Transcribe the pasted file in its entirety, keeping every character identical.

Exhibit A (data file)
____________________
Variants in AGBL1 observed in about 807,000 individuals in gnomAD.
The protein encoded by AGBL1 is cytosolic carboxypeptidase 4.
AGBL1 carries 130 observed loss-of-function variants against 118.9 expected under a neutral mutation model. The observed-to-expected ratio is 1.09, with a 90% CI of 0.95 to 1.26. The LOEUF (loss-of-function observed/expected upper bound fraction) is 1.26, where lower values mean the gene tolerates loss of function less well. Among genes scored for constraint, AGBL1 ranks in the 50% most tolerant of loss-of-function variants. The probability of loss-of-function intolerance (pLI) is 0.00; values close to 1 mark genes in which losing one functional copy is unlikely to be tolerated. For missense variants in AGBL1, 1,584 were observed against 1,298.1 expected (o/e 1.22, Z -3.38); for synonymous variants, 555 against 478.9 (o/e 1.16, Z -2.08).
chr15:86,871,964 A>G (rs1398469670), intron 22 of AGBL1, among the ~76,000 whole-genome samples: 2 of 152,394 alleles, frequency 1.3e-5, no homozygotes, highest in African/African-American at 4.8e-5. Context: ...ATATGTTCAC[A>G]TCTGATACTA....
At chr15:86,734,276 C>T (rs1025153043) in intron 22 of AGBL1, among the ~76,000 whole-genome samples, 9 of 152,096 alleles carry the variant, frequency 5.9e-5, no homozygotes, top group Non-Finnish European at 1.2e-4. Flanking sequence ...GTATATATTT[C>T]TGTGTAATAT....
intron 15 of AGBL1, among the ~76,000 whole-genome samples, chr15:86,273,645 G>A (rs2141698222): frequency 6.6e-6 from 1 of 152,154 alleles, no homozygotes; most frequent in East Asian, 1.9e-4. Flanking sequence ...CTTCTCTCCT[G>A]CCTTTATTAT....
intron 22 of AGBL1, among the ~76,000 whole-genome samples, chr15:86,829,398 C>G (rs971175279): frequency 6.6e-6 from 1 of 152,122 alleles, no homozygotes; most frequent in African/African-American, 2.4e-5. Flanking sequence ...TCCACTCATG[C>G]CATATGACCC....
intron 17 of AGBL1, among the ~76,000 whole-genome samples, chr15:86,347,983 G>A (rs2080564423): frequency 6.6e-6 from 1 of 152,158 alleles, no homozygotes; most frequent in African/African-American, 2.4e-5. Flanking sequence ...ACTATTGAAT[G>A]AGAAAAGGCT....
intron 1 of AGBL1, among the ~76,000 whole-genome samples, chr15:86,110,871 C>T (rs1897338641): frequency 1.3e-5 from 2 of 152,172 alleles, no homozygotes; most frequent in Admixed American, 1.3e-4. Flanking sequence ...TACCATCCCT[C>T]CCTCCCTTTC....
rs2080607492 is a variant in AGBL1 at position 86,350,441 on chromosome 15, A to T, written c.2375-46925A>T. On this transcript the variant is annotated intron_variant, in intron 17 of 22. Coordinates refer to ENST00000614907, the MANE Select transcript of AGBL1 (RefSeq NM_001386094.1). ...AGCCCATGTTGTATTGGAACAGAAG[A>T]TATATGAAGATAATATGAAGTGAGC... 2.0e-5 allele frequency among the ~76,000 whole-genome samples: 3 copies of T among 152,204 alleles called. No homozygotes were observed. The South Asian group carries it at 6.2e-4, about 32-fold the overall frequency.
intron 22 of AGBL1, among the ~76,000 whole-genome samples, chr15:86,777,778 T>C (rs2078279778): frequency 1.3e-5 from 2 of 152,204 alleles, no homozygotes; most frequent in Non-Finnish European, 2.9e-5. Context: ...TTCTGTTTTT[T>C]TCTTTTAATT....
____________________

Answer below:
Variants in AGBL1 observed in about 807,000 individuals in gnomAD.
The protein encoded by AGBL1 is cytosolic carboxypeptidase 4.
AGBL1 carries 130 observed loss-of-function variants against 118.9 expected under a neutral mutation model. The observed-to-expected ratio is 1.09, with a 90% CI of 0.95 to 1.26. The LOEUF (loss-of-function observed/expected upper bound fraction) is 1.26, where lower values mean the gene tolerates loss of function less well. Among genes scored for constraint, AGBL1 ranks in the 50% most tolerant of loss-of-function variants. The probability of loss-of-function intolerance (pLI) is 0.00; values close to 1 mark genes in which losing one functional copy is unlikely to be tolerated. For missense variants in AGBL1, 1,584 were observed against 1,298.1 expected (o/e 1.22, Z -3.38); for synonymous variants, 555 against 478.9 (o/e 1.16, Z -2.08).
chr15:86,871,964 A>G (rs1398469670), intron 22 of AGBL1, among the ~76,000 whole-genome samples: 2 of 152,394 alleles, frequency 1.3e-5, no homozygotes, highest in African/African-American at 4.8e-5. Context: ...ATATGTTCAC[A>G]TCTGATACTA....
At chr15:86,734,276 C>T (rs1025153043) in intron 22 of AGBL1, among the ~76,000 whole-genome samples, 9 of 152,096 alleles carry the variant, frequency 5.9e-5, no homozygotes, top group Non-Finnish European at 1.2e-4. Flanking sequence ...GTATATATTT[C>T]TGTGTAATAT....
intron 15 of AGBL1, among the ~76,000 whole-genome samples, chr15:86,273,645 G>A (rs2141698222): frequency 6.6e-6 from 1 of 152,154 alleles, no homozygotes; most frequent in East Asian, 1.9e-4. Flanking sequence ...CTTCTCTCCT[G>A]CCTTTATTAT....
intron 22 of AGBL1, among the ~76,000 whole-genome samples, chr15:86,829,398 C>G (rs971175279): frequency 6.6e-6 from 1 of 152,122 alleles, no homozygotes; most frequent in African/African-American, 2.4e-5. Flanking sequence ...TCCACTCATG[C>G]CATATGACCC....
intron 17 of AGBL1, among the ~76,000 whole-genome samples, chr15:86,347,983 G>A (rs2080564423): frequency 6.6e-6 from 1 of 152,158 alleles, no homozygotes; most frequent in African/African-American, 2.4e-5. Flanking sequence ...ACTATTGAAT[G>A]AGAAAAGGCT....
intron 1 of AGBL1, among the ~76,000 whole-genome samples, chr15:86,110,871 C>T (rs1897338641): frequency 1.3e-5 from 2 of 152,172 alleles, no homozygotes; most frequent in Admixed American, 1.3e-4. Flanking sequence ...TACCATCCCT[C>T]CCTCCCTTTC....
rs2080607492 is a variant in AGBL1 at position 86,350,441 on chromosome 15, A to T, written c.2375-46925A>T. On this transcript the variant is annotated intron_variant, in intron 17 of 22. Coordinates refer to ENST00000614907, the MANE Select transcript of AGBL1 (RefSeq NM_001386094.1). ...AGCCCATGTTGTATTGGAACAGAAG[A>T]TATATGAAGATAATATGAAGTGAGC... 2.0e-5 allele frequency among the ~76,000 whole-genome samples: 3 copies of T among 152,204 alleles called. No homozygotes were observed. The South Asian group carries it at 6.2e-4, about 32-fold the overall frequency.
intron 22 of AGBL1, among the ~76,000 whole-genome samples, chr15:86,777,778 T>C (rs2078279778): frequency 1.3e-5 from 2 of 152,204 alleles, no homozygotes; most frequent in Non-Finnish European, 2.9e-5. Context: ...TTCTGTTTTT[T>C]TCTTTTAATT....